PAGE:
Writing at the Ledges  | Mid-Michigan Authors & Poets

Randy’s Writing Page


This is my most recent Fiction 440 piece. The words were mosquito, heat, and labor.

No Picnic
By Randy D Pearson

Being a mosquito is no picnic, let me tell you. If we’re not being swatted by a newspaper or shocked in a bug zapper, we have to be on guard against bats, birds, and dragonflies. Yesterday, I saw Velma get eaten by a frog. A frog! Can you imagine anything more embarrassing?

Though I thrive in this heat, so do my myriad of comrades. There’s so much competition. Not that I need much blood for my offspring to survive. A few slurps from my built-in straw will suffice. But there are only so many humans around here, and most of my extended family is much stronger and faster than me. While the others somehow use the wind current to glide from place to place – look at Raul doing loop-de-loops, the show-offee bastard! – I flutter and flap against this strong breeze, seemingly losing ground as fast as I gain it. But I must continue my labor, as it’s a labor of love, for my unborn children.

Fortunately, my clumsy tumbling has actually paid off, tossing me exactly where I need to be.
Sitting at a picnic table is a human, his food spread out in front of him. Though he has obviously doused himself in some sort of bizarre-smelling chemical in a miserable attempt to confuse my senses, I can easily spot him. I mean, he’s sitting right there!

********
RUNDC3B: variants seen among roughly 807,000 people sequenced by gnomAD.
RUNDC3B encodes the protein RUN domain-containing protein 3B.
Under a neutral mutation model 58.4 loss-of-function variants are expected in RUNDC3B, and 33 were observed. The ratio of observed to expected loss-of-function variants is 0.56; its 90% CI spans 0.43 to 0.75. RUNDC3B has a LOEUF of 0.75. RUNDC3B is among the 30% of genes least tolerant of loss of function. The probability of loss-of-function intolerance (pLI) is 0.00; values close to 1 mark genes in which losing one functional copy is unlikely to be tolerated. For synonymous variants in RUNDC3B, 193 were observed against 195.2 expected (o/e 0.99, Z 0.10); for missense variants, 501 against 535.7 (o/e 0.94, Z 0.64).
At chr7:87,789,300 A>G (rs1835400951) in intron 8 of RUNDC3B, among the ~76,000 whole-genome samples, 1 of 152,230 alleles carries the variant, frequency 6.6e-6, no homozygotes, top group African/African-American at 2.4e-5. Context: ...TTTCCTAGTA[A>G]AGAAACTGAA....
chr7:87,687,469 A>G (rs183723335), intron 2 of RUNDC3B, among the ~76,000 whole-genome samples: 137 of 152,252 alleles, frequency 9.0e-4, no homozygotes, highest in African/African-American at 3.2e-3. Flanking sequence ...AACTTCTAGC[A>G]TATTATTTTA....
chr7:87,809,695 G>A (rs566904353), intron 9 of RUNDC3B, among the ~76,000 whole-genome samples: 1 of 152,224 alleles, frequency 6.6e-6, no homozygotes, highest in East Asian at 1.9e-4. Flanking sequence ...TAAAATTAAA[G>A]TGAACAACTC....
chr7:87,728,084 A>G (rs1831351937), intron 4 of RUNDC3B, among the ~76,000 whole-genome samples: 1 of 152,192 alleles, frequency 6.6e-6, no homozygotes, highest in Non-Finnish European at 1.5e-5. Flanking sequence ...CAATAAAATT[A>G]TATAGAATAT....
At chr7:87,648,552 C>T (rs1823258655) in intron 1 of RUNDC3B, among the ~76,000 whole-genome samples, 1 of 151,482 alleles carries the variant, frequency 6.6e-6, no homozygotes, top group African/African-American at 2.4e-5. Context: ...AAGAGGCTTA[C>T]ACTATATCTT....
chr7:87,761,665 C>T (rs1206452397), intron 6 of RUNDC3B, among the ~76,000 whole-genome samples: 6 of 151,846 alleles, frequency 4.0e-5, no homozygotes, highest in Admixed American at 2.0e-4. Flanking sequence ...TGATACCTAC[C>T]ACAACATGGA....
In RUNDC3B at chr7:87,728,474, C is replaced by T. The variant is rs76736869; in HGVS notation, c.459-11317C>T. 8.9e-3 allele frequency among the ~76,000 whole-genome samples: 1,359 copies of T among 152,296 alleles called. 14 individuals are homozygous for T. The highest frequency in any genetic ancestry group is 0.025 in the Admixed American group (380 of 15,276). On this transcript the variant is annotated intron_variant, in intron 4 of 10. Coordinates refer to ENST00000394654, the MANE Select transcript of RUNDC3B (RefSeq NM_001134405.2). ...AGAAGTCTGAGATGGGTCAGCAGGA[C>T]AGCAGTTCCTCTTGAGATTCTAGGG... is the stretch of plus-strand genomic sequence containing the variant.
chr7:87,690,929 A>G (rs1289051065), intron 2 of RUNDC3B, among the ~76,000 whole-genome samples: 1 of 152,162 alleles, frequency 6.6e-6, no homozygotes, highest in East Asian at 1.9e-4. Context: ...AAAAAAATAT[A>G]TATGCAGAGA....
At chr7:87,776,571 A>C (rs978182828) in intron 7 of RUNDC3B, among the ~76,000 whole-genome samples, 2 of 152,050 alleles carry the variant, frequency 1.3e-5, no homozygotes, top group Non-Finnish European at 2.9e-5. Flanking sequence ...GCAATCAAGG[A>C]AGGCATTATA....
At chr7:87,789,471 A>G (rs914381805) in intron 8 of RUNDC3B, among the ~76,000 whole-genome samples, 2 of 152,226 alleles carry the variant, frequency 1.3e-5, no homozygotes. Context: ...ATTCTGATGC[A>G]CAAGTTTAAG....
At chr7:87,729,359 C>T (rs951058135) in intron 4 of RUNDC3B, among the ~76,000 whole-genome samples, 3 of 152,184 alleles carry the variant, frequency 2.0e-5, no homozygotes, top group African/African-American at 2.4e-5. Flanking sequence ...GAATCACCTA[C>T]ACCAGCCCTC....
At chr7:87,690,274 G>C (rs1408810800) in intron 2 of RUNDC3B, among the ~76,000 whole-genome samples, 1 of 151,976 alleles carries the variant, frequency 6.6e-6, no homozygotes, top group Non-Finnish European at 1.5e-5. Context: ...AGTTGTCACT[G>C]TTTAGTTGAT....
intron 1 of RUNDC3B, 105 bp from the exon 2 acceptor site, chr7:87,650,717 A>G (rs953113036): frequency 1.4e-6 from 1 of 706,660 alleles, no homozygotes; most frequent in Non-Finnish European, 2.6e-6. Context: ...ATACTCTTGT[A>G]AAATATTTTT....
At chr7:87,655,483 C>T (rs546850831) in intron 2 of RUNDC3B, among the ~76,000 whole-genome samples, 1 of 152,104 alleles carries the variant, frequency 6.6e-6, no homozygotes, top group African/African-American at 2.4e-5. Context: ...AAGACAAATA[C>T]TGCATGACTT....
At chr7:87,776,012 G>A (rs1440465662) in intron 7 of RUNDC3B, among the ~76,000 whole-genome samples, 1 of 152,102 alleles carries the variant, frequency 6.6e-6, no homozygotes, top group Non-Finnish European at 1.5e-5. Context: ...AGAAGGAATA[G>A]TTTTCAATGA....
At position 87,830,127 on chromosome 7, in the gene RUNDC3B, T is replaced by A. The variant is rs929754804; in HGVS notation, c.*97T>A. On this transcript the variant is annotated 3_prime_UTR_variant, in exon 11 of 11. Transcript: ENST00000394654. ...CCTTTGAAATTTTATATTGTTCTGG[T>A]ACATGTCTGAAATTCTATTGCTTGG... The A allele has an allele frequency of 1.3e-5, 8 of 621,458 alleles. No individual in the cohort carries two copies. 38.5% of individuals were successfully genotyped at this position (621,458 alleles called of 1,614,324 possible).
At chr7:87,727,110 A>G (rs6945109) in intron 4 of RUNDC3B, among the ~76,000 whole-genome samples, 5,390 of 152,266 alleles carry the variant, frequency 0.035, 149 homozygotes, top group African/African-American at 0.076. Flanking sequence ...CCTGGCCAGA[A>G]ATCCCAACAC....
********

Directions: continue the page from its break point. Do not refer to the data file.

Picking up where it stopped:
Though this one seems easy pickings, I will have to be cautious. The human hand is a dangerous weapon, which has felled many of my kind. It only took one human to slaughter Daphne, Gwendolyn, Betty, and Javier. Oh Javier, he was one handsome skeeter! Legs like a rock star. Mmmm…

C’mon Veronica, focus! One well-timed slap, and splat! I cannot die now. I must give birth to the next generation. And in order to do that, I must acquire what this guy has in his veins. Of course, I have no idea what the hell I’m doing. I’ve never actually sucked blood from a human before. I have a basic understanding. I’ve run simulations. Okay Veronica, let’s do this!

I come in low, from under the table. Around his back side, I fly where the human’s eyes cannot see. Zipping around his leg, I come up and over, and there – the perfect place to land and feed. I touch down quietly and stealthily, get my footing, and slowly but forcefully insert my proboscis.

Oh, the glorious nectar! Succulent, nourishing … a little thicker than I expected – it’s sweet and surprisingly tangy. I look up when I hear my brothers and sisters laughing. “Hey Veronica, you’re sucking on a ketchup packet, y’know!”

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